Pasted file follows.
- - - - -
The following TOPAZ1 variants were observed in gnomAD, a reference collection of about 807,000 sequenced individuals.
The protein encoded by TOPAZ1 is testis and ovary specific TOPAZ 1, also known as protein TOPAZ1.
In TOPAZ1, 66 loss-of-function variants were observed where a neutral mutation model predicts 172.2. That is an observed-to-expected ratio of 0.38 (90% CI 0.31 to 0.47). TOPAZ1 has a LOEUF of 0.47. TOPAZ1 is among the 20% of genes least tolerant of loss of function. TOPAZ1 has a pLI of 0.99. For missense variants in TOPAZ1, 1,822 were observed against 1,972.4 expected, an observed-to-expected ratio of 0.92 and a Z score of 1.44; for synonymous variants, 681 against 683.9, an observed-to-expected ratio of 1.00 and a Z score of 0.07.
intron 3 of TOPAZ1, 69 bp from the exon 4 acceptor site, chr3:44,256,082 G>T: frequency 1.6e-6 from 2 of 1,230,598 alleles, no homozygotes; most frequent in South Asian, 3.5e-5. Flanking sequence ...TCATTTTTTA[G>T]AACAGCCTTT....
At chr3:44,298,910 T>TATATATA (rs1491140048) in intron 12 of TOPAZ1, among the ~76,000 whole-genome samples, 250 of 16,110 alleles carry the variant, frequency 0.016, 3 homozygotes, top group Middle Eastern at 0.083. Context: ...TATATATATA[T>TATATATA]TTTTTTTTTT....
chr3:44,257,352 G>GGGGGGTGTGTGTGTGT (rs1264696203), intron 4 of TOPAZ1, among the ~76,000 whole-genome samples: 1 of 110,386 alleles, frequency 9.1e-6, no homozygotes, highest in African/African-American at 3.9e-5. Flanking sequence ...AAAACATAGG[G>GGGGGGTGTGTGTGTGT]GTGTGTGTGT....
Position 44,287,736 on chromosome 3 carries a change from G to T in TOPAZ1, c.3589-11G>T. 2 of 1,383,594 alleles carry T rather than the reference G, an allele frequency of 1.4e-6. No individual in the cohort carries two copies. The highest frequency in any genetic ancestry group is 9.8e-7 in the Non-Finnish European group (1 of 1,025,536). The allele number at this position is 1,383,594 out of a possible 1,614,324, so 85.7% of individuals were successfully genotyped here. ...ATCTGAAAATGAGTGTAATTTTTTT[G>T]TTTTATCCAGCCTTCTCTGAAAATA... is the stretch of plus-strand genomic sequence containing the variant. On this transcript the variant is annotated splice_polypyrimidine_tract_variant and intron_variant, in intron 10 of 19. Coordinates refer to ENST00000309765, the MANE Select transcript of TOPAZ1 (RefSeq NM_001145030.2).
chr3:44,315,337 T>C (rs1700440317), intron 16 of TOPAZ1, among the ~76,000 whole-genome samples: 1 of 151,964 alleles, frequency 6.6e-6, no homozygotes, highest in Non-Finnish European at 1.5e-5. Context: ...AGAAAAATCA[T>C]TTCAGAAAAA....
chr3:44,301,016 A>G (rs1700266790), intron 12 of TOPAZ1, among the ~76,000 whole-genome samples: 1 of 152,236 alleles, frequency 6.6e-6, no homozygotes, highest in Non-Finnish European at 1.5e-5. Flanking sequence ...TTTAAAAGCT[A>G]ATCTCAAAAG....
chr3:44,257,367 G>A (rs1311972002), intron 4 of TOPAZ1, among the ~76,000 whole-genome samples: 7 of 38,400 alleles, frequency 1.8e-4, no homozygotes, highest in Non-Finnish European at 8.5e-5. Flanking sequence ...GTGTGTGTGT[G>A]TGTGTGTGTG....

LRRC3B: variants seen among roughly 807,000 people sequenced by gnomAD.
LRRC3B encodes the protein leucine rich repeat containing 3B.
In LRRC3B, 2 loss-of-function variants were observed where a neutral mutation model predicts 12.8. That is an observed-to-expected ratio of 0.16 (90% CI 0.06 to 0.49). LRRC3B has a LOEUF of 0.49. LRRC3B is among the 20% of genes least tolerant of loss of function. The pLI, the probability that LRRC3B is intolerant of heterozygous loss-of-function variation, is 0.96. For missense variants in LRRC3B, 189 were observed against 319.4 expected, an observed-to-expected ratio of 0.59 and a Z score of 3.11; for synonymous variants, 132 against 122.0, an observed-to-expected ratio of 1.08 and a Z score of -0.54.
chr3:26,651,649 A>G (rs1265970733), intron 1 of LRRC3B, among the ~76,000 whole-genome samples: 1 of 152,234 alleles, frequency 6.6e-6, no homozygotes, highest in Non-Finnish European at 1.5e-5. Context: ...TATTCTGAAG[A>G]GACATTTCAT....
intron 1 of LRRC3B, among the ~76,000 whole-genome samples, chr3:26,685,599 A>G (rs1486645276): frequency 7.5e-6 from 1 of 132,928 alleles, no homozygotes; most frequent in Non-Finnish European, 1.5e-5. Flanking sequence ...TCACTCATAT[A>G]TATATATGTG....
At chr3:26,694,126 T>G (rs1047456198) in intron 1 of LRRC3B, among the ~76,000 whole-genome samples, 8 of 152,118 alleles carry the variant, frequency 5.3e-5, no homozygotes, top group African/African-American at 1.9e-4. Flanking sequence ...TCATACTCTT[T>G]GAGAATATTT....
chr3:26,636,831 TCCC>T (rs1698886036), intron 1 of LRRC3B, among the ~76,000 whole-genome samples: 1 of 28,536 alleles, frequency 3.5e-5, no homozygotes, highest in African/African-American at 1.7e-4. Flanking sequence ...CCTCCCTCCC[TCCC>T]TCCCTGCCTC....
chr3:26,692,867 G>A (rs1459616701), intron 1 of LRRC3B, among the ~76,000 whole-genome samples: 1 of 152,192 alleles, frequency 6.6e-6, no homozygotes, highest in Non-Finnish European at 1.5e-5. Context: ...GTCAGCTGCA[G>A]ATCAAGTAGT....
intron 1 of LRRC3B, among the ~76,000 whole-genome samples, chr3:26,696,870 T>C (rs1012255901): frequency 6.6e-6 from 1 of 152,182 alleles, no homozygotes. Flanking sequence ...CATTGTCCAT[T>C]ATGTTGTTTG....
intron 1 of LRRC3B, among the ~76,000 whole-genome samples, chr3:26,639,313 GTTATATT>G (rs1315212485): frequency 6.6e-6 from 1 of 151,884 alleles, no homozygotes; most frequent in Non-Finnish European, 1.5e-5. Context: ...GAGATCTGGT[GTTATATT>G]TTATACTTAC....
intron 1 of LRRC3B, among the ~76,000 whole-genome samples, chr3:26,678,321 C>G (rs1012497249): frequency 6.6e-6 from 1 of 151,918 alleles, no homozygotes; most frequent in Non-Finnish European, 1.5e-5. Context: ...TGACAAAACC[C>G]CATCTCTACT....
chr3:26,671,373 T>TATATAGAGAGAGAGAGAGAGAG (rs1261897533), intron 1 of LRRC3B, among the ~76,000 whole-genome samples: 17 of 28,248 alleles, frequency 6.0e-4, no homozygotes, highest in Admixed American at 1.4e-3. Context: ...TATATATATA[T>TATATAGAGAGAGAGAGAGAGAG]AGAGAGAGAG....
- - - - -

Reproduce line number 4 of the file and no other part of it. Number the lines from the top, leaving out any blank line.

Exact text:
intron 3 of TOPAZ1, 69 bp from the exon 4 acceptor site, chr3:44,256,082 G>T: frequency 1.6e-6 from 2 of 1,230,598 alleles, no homozygotes; most frequent in South Asian, 3.5e-5. Flanking sequence ...TCATTTTTTA[G>T]AACAGCCTTT....